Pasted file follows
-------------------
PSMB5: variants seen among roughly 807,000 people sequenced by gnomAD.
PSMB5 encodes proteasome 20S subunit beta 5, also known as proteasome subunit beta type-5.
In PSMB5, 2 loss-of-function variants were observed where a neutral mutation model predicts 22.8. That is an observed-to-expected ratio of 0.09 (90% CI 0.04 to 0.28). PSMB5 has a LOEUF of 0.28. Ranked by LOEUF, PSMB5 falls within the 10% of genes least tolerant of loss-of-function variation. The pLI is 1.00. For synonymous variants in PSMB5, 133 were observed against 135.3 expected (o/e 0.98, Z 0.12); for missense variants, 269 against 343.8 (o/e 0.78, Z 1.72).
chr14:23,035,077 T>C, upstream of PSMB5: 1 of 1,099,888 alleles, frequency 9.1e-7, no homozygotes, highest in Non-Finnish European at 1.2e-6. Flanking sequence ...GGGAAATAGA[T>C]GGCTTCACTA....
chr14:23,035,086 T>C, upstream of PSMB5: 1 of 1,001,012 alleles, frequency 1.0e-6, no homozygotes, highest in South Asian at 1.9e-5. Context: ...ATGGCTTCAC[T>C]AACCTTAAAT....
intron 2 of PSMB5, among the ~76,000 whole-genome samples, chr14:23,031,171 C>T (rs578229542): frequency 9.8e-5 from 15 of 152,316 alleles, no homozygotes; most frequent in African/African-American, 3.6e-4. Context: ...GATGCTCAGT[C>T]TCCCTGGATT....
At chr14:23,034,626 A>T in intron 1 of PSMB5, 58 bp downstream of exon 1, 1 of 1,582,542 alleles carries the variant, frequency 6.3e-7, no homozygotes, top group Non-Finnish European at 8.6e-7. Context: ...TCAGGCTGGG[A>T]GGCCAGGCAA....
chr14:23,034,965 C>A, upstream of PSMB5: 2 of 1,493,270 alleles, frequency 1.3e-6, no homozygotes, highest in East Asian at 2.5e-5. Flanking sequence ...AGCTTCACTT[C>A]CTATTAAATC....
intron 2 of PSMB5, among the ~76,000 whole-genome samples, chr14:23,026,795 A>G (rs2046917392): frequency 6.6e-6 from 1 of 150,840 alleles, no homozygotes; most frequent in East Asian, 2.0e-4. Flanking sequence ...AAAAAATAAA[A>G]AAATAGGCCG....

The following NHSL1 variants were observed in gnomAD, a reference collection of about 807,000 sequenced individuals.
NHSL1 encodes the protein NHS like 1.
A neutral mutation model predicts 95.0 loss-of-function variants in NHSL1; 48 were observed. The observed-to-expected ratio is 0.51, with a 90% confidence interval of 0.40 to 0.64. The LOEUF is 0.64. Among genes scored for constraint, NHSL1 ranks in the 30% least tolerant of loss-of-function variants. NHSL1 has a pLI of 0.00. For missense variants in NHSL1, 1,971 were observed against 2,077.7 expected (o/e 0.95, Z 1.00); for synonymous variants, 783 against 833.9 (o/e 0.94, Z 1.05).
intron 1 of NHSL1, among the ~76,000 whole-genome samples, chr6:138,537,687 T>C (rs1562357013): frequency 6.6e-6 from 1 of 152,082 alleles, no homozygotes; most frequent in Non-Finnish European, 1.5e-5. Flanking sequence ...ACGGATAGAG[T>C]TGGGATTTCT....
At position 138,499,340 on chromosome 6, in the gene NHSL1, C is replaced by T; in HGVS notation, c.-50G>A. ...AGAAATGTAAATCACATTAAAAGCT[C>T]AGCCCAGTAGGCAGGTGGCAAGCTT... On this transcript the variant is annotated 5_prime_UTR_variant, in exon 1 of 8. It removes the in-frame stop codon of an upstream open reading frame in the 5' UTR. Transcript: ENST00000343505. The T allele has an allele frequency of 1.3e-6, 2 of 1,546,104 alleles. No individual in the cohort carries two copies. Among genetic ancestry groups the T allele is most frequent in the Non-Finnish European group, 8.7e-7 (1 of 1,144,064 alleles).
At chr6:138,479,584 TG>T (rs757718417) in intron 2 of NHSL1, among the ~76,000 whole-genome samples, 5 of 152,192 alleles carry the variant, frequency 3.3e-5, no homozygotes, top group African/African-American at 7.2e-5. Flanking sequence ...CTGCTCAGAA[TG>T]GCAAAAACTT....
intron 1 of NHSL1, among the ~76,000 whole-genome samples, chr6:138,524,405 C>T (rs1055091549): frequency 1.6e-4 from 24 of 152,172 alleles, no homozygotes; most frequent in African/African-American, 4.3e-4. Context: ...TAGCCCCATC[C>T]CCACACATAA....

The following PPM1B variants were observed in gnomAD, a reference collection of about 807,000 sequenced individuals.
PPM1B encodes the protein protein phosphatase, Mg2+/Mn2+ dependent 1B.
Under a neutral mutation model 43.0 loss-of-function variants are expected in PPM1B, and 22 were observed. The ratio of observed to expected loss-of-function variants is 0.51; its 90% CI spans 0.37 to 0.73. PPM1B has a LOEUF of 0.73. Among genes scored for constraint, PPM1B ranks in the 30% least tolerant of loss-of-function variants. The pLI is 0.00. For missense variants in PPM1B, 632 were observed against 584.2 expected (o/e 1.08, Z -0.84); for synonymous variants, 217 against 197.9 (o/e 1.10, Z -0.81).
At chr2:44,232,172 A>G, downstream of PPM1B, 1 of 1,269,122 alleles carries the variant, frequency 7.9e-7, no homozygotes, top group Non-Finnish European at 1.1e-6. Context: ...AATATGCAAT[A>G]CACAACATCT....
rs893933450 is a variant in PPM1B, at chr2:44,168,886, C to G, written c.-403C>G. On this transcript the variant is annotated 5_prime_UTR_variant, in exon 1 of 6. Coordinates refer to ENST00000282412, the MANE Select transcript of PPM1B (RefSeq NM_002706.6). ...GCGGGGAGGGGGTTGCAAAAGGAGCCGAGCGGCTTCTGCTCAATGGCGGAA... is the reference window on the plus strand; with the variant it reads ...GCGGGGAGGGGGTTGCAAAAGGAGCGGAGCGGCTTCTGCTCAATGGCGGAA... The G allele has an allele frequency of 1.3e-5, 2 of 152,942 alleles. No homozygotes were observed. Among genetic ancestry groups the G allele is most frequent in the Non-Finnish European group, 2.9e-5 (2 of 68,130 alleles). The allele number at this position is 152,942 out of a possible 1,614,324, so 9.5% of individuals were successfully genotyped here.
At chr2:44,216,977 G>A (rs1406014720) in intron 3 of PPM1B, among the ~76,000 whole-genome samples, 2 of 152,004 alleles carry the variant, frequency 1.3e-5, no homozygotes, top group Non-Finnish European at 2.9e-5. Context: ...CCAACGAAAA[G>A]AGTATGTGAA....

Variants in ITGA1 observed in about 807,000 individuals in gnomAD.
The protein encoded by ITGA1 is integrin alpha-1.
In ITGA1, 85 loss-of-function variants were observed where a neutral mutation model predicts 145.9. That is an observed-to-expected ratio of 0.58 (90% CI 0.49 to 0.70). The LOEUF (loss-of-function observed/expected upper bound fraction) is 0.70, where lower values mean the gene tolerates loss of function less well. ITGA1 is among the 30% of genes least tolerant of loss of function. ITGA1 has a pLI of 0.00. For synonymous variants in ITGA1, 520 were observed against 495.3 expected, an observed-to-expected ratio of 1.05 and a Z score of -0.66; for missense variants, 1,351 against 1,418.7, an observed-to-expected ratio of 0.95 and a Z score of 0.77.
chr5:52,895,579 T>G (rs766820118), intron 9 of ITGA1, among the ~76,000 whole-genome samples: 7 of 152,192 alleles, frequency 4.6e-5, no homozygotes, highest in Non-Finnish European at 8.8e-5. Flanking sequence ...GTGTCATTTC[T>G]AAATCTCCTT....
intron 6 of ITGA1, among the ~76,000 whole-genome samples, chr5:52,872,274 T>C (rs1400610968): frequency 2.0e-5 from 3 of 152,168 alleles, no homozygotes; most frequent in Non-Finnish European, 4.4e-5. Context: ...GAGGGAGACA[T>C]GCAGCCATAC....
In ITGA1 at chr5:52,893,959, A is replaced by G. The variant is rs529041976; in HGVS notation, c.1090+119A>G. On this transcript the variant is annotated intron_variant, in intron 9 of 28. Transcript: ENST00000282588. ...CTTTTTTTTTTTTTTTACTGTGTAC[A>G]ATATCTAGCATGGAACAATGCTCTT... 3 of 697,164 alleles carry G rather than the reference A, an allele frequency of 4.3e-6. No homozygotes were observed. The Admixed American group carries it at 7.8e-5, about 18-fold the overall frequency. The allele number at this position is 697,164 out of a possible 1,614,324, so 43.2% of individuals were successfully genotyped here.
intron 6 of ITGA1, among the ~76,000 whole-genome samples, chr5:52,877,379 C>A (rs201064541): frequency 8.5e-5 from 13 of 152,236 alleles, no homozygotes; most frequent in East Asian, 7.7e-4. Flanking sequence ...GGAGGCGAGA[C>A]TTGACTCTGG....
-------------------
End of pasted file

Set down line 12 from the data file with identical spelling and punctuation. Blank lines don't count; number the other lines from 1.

A neutral mutation model predicts 95.0 loss-of-function variants in NHSL1; 48 were observed. The observed-to-expected ratio is 0.51, with a 90% confidence interval of 0.40 to 0.64. The LOEUF is 0.64. Among genes scored for constraint, NHSL1 ranks in the 30% least tolerant of loss-of-function variants. NHSL1 has a pLI of 0.00. For missense variants in NHSL1, 1,971 were observed against 2,077.7 expected (o/e 0.95, Z 1.00); for synonymous variants, 783 against 833.9 (o/e 0.94, Z 1.05).